What is the rationale behind using a famous face in an advertisement? Maybe, to get people to listen. With the TV blaring at full volume, day and night, the average boob tube addict has developed an immunity system which enables him/her to tune out of most of the advertisements and all the extra info bombarded at him. But when the one doing the bombarding is a national idol, placed on a pedestal, these defenses open their gates and herald his/her words with reverence.
So when Shah Rukh Khan appears on screen with his much adored dimple, a six pack that has been in the news as much as the Indo-US nuclear deal, and hair waving in the wind due to a giant fan behind the camera, he grabs everyone’s attention. Middle-aged housewives and working women look at him with fondness, young girl’s hearts go ‘ba-dump’ and even boys follow him from the corner of the eye; though they won’t admit that he is the inspiration behind their makeover. And all that this demi-god has to do is say the magic words-don’t be ‘santusht’, wish for more. The catchphrase enters the mind and firmly entrenches itself, making the viewer reach for the breadwinner’s pocket.
Ah yes! There is more. That’s what we want. Forget the Bhagvatgeeta that says that the world is an illusion, or Buddha who taught the merits of following the middle path. In this glorious world of materialism, the consumer is plunged headfirst into a sea of choices and everyone seems to want more. Whether or not they can afford it is not the issue anymore. What is more important is to have the latest fridge in the market to best the new air conditioner bought by the sriman srimati next door. One-upmanship has reached an all new level. It is all thanks to the sheer enormity of the number of products available, and on-screen demi-gods building consent for those. Fashion brands are aimed at tweens, who have in the past years become the new teens. Already existing teens, the most precocious buyers of them all, have gone beyond just clothes. They want anything sleek, new and wired. In fact, gadgets have enamoured every member of the great Indian family. Not just the bachaas, but the mummies and the papas, too, want the latest N-series flashing from their pockets.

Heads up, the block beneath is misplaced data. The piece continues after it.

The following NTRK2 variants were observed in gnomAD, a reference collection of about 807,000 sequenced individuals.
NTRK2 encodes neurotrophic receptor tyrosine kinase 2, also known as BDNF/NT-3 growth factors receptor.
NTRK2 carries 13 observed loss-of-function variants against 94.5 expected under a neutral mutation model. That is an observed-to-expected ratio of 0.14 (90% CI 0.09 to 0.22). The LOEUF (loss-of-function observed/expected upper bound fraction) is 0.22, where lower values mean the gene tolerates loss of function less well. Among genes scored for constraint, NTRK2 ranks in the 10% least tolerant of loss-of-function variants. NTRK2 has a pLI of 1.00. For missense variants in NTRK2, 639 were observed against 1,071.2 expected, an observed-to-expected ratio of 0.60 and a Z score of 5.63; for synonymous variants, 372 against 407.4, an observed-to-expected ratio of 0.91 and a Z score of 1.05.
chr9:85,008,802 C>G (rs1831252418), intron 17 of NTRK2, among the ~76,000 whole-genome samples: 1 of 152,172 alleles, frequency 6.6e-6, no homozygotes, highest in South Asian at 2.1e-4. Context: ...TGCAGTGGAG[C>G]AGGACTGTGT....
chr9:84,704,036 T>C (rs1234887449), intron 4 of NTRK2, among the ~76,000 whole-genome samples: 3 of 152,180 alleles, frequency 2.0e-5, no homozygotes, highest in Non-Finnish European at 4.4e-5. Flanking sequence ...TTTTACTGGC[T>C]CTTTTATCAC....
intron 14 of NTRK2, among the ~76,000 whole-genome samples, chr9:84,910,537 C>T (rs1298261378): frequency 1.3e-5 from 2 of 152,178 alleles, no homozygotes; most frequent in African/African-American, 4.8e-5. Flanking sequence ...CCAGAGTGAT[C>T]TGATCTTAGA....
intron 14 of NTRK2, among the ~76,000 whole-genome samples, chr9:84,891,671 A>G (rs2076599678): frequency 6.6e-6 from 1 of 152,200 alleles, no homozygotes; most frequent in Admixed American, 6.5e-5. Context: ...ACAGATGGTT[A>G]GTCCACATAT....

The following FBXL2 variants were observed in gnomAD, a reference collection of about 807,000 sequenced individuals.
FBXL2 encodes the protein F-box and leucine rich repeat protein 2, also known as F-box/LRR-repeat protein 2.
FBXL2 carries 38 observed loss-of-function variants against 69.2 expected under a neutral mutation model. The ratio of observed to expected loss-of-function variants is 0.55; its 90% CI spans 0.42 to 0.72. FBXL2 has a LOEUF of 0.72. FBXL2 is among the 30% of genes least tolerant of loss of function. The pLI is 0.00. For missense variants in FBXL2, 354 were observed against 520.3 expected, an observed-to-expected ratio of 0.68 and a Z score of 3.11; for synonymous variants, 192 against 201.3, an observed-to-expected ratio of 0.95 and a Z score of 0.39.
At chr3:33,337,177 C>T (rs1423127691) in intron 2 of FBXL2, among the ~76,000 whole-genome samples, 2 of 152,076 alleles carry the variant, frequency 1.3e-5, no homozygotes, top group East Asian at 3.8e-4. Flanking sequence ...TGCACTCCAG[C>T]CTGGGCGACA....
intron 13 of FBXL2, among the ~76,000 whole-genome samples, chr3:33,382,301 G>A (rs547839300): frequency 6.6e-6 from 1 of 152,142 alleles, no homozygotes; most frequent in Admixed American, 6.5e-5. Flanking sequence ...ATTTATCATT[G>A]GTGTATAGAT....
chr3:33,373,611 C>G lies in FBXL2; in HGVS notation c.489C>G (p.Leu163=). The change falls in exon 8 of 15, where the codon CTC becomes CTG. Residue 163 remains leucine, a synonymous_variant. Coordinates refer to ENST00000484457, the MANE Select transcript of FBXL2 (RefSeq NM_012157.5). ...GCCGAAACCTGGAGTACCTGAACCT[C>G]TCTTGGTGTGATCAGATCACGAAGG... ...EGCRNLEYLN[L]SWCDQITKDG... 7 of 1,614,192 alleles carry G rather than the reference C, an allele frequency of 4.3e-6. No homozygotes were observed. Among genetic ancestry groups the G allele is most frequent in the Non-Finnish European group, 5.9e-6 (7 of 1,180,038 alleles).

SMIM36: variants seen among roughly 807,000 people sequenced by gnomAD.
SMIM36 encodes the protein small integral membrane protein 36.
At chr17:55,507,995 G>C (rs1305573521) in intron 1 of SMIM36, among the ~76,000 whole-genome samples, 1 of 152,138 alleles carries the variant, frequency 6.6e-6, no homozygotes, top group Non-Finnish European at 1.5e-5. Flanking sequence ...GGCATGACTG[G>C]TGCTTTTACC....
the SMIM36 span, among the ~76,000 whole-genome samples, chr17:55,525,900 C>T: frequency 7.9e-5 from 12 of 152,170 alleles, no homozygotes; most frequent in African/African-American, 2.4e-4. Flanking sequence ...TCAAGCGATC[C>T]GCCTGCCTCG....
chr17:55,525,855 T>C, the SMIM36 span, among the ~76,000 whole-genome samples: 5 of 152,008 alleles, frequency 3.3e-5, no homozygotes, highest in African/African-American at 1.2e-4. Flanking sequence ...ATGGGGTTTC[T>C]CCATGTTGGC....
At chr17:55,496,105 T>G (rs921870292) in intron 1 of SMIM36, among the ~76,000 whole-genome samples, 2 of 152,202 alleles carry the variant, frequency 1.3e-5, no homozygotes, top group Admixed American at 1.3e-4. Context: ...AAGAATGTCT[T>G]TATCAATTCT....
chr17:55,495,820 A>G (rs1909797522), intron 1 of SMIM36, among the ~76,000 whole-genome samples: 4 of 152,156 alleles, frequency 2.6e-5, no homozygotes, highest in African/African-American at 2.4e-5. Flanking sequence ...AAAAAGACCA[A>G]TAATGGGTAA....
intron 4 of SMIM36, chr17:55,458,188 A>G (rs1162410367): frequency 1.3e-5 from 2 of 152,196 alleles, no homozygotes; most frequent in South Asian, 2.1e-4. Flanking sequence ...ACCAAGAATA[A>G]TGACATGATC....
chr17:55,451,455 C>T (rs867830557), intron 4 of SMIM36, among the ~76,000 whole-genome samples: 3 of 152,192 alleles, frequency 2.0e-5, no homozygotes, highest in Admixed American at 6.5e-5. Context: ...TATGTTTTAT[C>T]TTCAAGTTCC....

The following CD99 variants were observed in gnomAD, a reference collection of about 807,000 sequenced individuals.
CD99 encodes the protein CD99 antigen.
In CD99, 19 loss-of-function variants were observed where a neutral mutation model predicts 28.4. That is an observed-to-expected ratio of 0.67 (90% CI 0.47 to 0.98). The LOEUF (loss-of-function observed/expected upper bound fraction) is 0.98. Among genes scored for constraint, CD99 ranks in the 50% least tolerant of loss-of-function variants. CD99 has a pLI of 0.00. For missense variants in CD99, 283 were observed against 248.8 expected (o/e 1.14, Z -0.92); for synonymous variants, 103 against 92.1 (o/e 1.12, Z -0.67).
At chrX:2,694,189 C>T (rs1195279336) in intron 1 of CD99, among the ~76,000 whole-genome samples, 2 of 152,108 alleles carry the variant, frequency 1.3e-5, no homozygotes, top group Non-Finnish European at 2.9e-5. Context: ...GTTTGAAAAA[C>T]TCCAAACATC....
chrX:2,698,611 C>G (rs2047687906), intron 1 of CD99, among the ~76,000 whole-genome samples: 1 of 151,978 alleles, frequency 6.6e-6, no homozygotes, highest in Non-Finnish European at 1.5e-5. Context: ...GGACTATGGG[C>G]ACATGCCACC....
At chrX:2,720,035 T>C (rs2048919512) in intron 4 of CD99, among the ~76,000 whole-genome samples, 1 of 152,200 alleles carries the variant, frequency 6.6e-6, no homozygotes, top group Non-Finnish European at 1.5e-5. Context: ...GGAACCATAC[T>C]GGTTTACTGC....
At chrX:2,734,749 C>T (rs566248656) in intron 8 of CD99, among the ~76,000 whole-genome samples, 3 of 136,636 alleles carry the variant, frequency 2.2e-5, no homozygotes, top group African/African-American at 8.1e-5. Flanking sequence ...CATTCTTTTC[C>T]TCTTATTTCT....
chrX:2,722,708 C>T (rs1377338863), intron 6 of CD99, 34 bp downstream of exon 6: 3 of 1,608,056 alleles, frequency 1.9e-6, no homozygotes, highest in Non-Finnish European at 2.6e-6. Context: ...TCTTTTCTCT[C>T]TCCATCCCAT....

All this craze for more really makes one think. Why are we obsessed with the obsession of wanting to possess everything that catches the eye? A drive bordering on near insanity that never lets the consumer feel content. Satisfaction is transient. It only lasts till the next fascinating buy is comes out in the market. But why should we be like that? Do we really live in such an age where everything is pivoted on the number of zeroes on a cheque? Why should parents feel obliged to buy their children whatever they want? Why do families think they need the biggest television in the drawing room to bond? Why do people feel that the sleekest car will earn them respect? And why, Mr. Khan, can we not be ‘santusht‘ with cable and wish for a satellite dish? All these questions having been exploding in my mind like a mental pyrotechnic display, ever since I saw his ad. I suppose we may have forgotten the other teachings of our texts, but still have the requisite blind faith to follow what our ‘deities’ tell us.
(Image Courtesy: http://www.flickr.com/photos/etamil/212782640/)